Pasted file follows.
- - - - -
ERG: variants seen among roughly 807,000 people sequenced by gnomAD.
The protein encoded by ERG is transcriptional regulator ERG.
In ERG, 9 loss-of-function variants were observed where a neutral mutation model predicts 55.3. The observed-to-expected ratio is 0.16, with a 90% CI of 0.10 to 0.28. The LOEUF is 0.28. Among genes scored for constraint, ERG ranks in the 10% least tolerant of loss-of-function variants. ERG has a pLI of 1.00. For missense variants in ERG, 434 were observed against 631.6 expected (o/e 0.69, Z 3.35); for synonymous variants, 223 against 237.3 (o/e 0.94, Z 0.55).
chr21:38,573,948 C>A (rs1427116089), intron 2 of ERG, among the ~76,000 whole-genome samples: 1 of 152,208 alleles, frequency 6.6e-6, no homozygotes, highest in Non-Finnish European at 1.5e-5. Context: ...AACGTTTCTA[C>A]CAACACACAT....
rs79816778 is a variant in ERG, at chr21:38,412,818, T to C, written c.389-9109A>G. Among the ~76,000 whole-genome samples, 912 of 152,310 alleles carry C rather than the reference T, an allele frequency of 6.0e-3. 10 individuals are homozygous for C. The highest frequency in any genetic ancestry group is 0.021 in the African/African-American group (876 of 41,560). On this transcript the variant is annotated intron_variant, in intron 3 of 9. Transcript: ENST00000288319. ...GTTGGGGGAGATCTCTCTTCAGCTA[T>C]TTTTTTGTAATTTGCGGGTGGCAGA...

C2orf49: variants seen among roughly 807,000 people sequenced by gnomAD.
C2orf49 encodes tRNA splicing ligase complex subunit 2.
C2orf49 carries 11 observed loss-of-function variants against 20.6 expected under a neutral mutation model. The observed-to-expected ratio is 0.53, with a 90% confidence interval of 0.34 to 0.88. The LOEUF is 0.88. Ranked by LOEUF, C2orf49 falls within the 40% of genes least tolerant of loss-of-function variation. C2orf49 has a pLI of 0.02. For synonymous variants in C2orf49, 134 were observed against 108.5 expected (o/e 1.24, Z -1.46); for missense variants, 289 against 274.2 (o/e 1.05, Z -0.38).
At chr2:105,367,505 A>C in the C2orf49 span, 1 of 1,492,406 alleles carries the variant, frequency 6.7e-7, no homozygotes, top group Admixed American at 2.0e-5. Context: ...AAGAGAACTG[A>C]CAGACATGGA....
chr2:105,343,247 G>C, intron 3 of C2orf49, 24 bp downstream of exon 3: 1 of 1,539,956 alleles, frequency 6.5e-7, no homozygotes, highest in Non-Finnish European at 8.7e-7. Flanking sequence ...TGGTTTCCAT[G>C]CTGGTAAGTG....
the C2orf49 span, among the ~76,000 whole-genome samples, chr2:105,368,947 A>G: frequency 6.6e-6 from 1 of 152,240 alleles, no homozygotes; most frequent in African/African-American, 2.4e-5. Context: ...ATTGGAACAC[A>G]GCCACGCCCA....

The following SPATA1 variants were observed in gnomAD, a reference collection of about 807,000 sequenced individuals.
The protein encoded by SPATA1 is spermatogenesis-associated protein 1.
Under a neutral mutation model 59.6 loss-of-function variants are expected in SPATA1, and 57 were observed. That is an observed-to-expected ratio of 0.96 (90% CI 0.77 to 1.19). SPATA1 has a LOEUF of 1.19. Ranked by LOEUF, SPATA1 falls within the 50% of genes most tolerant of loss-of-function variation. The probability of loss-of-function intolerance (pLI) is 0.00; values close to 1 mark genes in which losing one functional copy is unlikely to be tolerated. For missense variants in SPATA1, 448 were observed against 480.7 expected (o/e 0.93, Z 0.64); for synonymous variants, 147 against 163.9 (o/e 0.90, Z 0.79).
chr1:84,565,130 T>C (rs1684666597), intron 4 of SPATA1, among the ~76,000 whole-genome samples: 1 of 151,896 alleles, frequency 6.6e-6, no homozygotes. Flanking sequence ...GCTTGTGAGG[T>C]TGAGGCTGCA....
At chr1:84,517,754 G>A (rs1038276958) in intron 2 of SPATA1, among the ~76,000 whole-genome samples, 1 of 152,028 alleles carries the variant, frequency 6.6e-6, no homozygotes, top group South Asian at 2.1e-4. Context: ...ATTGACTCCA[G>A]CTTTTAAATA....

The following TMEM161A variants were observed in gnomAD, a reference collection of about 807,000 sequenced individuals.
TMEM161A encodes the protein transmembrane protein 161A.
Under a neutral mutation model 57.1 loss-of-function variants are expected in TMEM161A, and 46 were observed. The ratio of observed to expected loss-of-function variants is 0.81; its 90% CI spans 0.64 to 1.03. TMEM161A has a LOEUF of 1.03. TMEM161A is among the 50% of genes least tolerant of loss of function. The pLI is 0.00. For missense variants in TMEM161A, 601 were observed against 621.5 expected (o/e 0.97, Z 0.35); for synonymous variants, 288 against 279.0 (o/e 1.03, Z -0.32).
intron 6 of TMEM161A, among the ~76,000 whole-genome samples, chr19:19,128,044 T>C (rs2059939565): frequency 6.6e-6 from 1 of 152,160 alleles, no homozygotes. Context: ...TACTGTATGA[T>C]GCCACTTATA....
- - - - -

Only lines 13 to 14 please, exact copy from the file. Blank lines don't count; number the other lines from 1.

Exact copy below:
The protein encoded by SPATA1 is spermatogenesis-associated protein 1.
Under a neutral mutation model 59.6 loss-of-function variants are expected in SPATA1, and 57 were observed. That is an observed-to-expected ratio of 0.96 (90% CI 0.77 to 1.19). SPATA1 has a LOEUF of 1.19. Ranked by LOEUF, SPATA1 falls within the 50% of genes most tolerant of loss-of-function variation. The probability of loss-of-function intolerance (pLI) is 0.00; values close to 1 mark genes in which losing one functional copy is unlikely to be tolerated. For missense variants in SPATA1, 448 were observed against 480.7 expected (o/e 0.93, Z 0.64); for synonymous variants, 147 against 163.9 (o/e 0.90, Z 0.79).